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Posts Tagged ‘United Nations

Diplomatic Impunity…

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The U.N. may be a beacon of hope and peaceful negotiation around the world, but it brings with it workers who use their immunity to park in front of fire hydrants, red zones, and anywhere else they please– it’s the stuff of urban legends and West Wing episodes.

New York is owed over $17 million in unpaid parking tickets; Washington, D.C., over $500,000:

New York’s top offenders:

Egypt – $1,929,142
Kuwait – $1,266,901
Nigeria – $1,019,998
Indonesia – $692,200
Brazil – $608,733

D.C.’s:

Russia – $27,200
Yemen – $24,600
Cameroon – $19,520
France – $19,520
Mauritania – $8,070

What do these countries have in common?  Freakonomics (quoting Forbes) suggests that “the level of a country’s corruption (according to the Corruption Perception Index) predicted the level of parking ticket delinquency, along with a country’s level of anti-American sentiment.”

As we pine for diplomatic plates, we might compose a loosely rhymed remembrance of William Topaz McGonagall, widely considered to be the worst published poet in British history; he died on this date in 1902.  McGonagall distributed his poems, often about momentous events, on handbills and performed them publicly (often, it is reported, to cat calls and thrown food).  And he collected his verse into volumes including Poetic Gems, More Poetic Gems, Still More Poetic Gems, Further Poetic Gems, and Yet Further Poetic Gems.  (Readers will find a selection of his poems here.)

McGonagall’s best-known work, a verse recounting of “The Tay Bridge Disaster,” ends instructively:

I must now conclude my lay
By telling the world fearlessly without the least dismay
That your central girders would not have given way,
At least many sensible men do say,
Had they been supported on each side with buttresses,
At least many sensible men confesses,
For the stronger we our houses do build,
The less chance we have of being killed.

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The lore of large numbers…

The folks at Pingdom pay pretty close attention to the Net.  Now, in “Internet 2009 in Numbers,” they share back what they’ve learned.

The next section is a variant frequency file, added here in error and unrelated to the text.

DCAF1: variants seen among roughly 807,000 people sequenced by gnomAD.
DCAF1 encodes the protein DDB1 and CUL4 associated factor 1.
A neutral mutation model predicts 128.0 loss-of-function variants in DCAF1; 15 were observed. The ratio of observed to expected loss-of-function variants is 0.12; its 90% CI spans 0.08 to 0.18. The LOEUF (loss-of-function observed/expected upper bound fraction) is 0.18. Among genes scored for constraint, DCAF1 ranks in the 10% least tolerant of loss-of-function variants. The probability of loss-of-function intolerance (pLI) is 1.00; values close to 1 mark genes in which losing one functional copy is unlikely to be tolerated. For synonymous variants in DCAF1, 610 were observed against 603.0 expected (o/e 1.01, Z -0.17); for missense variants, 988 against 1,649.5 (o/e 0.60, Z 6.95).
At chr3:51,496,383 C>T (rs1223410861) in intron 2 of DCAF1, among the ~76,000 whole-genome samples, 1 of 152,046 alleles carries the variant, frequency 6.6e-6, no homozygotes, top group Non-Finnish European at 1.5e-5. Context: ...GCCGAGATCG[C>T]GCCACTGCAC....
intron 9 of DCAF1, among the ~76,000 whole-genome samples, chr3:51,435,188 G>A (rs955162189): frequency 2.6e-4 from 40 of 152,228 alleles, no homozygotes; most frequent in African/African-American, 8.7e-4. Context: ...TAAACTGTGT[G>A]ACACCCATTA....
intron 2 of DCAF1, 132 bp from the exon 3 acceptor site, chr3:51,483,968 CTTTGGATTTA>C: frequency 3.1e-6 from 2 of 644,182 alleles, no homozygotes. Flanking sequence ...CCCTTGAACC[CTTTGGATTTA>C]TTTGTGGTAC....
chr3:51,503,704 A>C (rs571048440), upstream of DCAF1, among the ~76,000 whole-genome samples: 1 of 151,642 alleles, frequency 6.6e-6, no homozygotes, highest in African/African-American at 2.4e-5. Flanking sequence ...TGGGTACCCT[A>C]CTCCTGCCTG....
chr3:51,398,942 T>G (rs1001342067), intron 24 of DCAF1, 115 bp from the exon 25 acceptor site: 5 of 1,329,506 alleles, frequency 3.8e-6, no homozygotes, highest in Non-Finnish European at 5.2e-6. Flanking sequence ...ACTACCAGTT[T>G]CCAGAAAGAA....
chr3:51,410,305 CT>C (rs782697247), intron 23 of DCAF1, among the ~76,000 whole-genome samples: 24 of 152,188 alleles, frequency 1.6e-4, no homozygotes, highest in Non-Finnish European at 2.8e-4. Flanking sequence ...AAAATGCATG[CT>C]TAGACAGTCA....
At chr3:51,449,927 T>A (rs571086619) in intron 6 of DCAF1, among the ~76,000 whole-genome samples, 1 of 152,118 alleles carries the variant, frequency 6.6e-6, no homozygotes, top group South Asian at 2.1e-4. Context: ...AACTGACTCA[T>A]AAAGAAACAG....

For example:

– 90 trillion – The number of emails sent on the Internet in 2009.
– 247 billion – Average number of email messages per day.
– 1.4 billion – The number of email users worldwide.
– 100 million – New email users since the year before.
– 81% – The percentage of emails that were spam.
– 92% – Peak spam levels late in the year.
– 24% – Increase in spam since last year.
– 200 billion – The number of spam emails per day (assuming 81% are spam).

There’s more– in a way that’s amusingly resonant with their subject, much, much more–  here.  As the folks at Pingdom suggest, “prepare for information overload…   but in a good way.”

As we reset our spam filters, we might recall that it was on this date in 1919 that The Paris Peace Conference, convened to build a lasting peace after World War I, approved the proposal to create the League of Nations. A centerpiece of Woodrow Wilson’s “Fourteen Points for Peace,” the organization was meant to provide “mutual guarantees of political independence and territorial integrity to great and small states alike.”

The League was liquidated in 1946, at the end of the global conflagration– World War II– it was meant to prevent; it was effectively replaced by the United Nations, which took over many of the League’s agencies and functions.

Commemorative Card

A Pattern Language…

Your correspondent recalls his first (high school field trip) visit to U.N. Headquarters, on which a tour guide explained that the gargantuan Persian carpet then hanging in the atrium had, hidden in the extraordinary intricacy of its pattern, one small “error”– placed there by the weavers “because only God is perfect,” a striking injunction to humility.  But the more fundamental lesson lay in the minutely interconnected design of the rug itself:  on the one hand ordered and symmetrical; on the other, chaotic and overwhelming– it was a metaphor for life itself.

What was true of that carpet is true more generally of (the best of) Islamic art and design, as the reader can see at Pattern in Islamic Art, a collection of thousands of arresting images.

…this marvellous artistic tradition deserves to be better known and that it has a great deal to offer, not only to art-historians and other specialists, but to designers and lovers of art and beauty everywhere. At their best these images express a refined and even sublime aesthetic sensibility, but they always remain perfectly accessible. Because of this they seem to me to offer a particularly appropriate antidote to the fears and suspicions that may have been induced by recent notions of a “clash of civilisations.” The need to express and appreciate Beauty, through Art, is surely a universal human response.

(Apologies to Chris Alexander for the title of this post :-)

As we contemplate the chaos that lurks in order, we might recall that it was on this date in 79 CE that Mount Vesuvius erupted on the southeastern coast of Italy, devastating the prosperous Roman cities of Pompeii and Herculaneum and killing thousands.

Computer-generated imagery of the eruption of Vesuvius in BBC/Discovery Channel’s co-production Pompeii.

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Written by LW

August 24, 2009 at 12:01 am

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